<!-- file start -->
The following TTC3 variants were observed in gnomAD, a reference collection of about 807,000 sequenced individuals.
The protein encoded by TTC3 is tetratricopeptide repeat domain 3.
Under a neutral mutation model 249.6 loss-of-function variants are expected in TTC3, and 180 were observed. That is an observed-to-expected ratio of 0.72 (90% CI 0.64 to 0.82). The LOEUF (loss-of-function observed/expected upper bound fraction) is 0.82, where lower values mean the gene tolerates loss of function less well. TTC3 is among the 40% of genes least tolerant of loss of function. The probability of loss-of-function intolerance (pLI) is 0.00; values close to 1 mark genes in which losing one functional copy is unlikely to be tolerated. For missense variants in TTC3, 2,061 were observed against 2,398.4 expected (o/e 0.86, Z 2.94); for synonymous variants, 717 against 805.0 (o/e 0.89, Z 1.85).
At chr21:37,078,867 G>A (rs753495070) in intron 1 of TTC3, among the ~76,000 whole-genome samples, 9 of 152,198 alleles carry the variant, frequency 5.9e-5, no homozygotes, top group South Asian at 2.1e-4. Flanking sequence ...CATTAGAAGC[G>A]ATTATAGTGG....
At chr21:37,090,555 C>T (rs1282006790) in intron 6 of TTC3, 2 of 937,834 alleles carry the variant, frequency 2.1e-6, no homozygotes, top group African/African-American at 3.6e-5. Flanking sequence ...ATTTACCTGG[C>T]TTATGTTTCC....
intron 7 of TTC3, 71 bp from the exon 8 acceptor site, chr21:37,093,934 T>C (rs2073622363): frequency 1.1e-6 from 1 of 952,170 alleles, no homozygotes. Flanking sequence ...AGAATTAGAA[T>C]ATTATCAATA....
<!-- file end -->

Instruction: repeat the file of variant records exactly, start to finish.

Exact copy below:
The following TTC3 variants were observed in gnomAD, a reference collection of about 807,000 sequenced individuals.
The protein encoded by TTC3 is tetratricopeptide repeat domain 3.
Under a neutral mutation model 249.6 loss-of-function variants are expected in TTC3, and 180 were observed. That is an observed-to-expected ratio of 0.72 (90% CI 0.64 to 0.82). The LOEUF (loss-of-function observed/expected upper bound fraction) is 0.82, where lower values mean the gene tolerates loss of function less well. TTC3 is among the 40% of genes least tolerant of loss of function. The probability of loss-of-function intolerance (pLI) is 0.00; values close to 1 mark genes in which losing one functional copy is unlikely to be tolerated. For missense variants in TTC3, 2,061 were observed against 2,398.4 expected (o/e 0.86, Z 2.94); for synonymous variants, 717 against 805.0 (o/e 0.89, Z 1.85).
At chr21:37,078,867 G>A (rs753495070) in intron 1 of TTC3, among the ~76,000 whole-genome samples, 9 of 152,198 alleles carry the variant, frequency 5.9e-5, no homozygotes, top group South Asian at 2.1e-4. Flanking sequence ...CATTAGAAGC[G>A]ATTATAGTGG....
At chr21:37,090,555 C>T (rs1282006790) in intron 6 of TTC3, 2 of 937,834 alleles carry the variant, frequency 2.1e-6, no homozygotes, top group African/African-American at 3.6e-5. Flanking sequence ...ATTTACCTGG[C>T]TTATGTTTCC....
intron 7 of TTC3, 71 bp from the exon 8 acceptor site, chr21:37,093,934 T>C (rs2073622363): frequency 1.1e-6 from 1 of 952,170 alleles, no homozygotes. Flanking sequence ...AGAATTAGAA[T>C]ATTATCAATA....